1988: First CDC Grant for HIV Prevention for Black Men
AIDS rate skyrockets in Black Women
WHO declares December 1st as the first World AIDS Day
Hispanic Heritage Week becomes Hispanic Heritage Month
1989: Sisterlove, Inc. is founded in Georgia, focusing on women
1980-1989 - 1980-1989
HIV reaches public attention in this decade. The disease, first noticed in gay men, galvanized a community response and activism due to the inattention and inaction of the U.S. government to GRID (Gay-Related Immune Deficiency as AIDS was initially named). Groups like ACT UP forced government to engage with community and together with Community-Based Organizations and AIDS Service Organizations, helped leave a lasting imprint on the healthcare landscape. Sadly, HIV stigma and discrimination also entered our collective consciousness, through high-profile cases like a teenager with AIDS named Ryan White, who was barred from attending school in Indiana. The WHO declares December 1st World AIDS Day in 1988.
1990: HOPWA Act passes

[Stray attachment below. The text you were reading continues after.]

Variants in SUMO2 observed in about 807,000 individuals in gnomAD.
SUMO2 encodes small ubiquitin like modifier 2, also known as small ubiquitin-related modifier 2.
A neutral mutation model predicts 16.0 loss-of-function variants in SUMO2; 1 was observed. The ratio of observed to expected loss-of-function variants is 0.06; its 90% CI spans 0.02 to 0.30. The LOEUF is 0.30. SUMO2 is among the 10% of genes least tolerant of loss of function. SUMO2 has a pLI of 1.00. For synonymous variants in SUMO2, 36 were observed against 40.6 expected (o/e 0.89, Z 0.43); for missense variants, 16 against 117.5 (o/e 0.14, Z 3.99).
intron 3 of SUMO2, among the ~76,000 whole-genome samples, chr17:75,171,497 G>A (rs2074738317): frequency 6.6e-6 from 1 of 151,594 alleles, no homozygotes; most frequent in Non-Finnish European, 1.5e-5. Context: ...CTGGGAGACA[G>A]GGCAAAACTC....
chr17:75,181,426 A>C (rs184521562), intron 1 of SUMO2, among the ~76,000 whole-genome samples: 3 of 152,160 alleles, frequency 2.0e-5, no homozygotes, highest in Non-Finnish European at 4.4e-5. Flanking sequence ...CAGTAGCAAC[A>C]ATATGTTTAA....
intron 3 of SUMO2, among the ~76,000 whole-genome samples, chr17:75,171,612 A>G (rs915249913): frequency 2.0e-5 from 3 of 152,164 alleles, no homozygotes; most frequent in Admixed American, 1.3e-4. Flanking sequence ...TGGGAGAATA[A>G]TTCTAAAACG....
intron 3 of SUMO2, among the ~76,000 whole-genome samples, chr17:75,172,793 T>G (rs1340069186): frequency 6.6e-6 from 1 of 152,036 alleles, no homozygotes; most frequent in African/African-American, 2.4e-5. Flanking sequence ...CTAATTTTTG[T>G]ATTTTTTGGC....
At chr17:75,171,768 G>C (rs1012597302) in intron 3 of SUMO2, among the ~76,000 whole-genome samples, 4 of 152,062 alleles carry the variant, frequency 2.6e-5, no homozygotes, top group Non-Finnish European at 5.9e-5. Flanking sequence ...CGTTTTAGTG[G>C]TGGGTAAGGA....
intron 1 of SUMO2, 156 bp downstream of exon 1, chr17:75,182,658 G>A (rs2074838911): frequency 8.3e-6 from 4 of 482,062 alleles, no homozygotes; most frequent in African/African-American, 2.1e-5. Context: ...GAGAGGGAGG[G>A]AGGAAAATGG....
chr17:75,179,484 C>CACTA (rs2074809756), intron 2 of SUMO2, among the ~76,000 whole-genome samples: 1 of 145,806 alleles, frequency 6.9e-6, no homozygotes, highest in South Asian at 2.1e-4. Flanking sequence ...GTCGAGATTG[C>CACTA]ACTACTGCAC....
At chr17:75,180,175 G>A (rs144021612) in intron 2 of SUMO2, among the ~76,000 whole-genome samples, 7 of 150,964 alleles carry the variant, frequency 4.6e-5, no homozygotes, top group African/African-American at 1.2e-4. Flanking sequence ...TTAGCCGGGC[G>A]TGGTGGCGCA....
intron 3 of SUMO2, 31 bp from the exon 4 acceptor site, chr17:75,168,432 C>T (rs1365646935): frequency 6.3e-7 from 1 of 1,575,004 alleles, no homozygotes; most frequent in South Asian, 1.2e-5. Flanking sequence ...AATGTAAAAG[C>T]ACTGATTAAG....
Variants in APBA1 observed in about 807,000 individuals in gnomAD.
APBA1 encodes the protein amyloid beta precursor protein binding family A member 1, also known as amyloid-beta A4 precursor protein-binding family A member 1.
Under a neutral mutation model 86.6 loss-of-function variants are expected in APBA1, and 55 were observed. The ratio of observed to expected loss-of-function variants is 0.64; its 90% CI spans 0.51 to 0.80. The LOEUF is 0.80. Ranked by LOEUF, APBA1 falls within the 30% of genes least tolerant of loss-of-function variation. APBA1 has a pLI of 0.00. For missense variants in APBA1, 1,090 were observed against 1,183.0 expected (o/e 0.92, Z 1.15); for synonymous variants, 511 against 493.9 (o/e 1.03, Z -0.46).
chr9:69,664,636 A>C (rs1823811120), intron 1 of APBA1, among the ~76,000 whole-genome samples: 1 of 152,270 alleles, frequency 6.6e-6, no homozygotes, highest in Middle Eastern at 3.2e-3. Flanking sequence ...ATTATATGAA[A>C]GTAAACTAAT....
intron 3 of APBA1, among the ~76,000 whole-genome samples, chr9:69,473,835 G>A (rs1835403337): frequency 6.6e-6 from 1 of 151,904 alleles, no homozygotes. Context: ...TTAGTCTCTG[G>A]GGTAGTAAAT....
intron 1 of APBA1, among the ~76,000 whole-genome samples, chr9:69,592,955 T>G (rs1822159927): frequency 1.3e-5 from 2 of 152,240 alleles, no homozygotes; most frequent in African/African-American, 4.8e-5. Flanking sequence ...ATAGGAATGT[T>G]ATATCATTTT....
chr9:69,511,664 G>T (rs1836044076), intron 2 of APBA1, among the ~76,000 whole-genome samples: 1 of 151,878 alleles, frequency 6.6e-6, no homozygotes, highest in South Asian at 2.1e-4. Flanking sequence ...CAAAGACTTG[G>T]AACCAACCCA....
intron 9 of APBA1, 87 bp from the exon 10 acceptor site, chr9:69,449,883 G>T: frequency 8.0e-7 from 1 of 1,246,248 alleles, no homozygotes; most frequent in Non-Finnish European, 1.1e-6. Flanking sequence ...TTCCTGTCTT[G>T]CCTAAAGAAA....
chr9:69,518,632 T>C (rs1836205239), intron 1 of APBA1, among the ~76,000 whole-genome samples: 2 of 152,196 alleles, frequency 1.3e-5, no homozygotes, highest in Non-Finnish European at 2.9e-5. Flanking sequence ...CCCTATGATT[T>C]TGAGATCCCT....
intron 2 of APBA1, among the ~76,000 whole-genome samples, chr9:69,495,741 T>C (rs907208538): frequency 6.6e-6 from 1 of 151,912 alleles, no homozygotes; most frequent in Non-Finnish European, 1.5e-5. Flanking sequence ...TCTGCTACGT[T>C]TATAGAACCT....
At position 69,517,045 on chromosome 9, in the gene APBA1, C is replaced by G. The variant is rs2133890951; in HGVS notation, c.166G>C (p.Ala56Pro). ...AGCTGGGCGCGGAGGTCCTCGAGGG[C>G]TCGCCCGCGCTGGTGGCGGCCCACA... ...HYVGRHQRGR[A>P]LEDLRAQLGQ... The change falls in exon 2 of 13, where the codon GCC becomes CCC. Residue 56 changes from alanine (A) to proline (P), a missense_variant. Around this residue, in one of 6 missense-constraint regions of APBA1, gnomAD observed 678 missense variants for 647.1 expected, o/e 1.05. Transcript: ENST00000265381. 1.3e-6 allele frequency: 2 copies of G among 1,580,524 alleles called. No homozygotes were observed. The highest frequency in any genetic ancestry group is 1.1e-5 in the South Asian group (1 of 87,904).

Americans with Disabilities Act enacted
Ryan White Care Act enacted
Ryan White dies at age 18
American Indian Week started in 1986 becomes Native American Heritage Month
A/PA Heritage Week becomes Asian American and Pacific Islander Heritage Month
1991: FDA licenses first rapid HIV test
Magic Johnson announces he is HIV+
Red Ribbon Project created
1992: CDC revises definition of AIDS to be more inclusive of women and IDUs.
1993: HIV Becomes Leading Cause of Death For Young Black Men & Women
Tennis star Arthur Ashe dies of AIDS
Carol Moseley Braun is the first African American woman to serve as U.S. senator
1994: Dr. Helene Gayle is named the director of the newly created National Center for HIV, STD and TB Prevention
AZT reduces Mother-to-Child transmission
FDA approves first oral test for HIV (OraSure)
HIV Positive Woman On Cover of Essence
1995: Rapper Eric Wright, aka Eazy-E, dies of AIDS
Olympic diver Greg Louganis announces he is living with HIV
1996: HAART becomes the standard of HIV care
Cover Stories About the “End of AIDS”
Dr. Ho is named Time magazine’s “Man of the Year”
1997: Ellen becomes the first television show to feature a lesbian or gay lead character
1998: Minority AIDS Initiative created
Clinton refuses to fund needle exchange programs
Ricky Ray Hemophilia Relief Fund authorizes payments to hemophiliacs infected with HIV through unscreened blood-clotting agents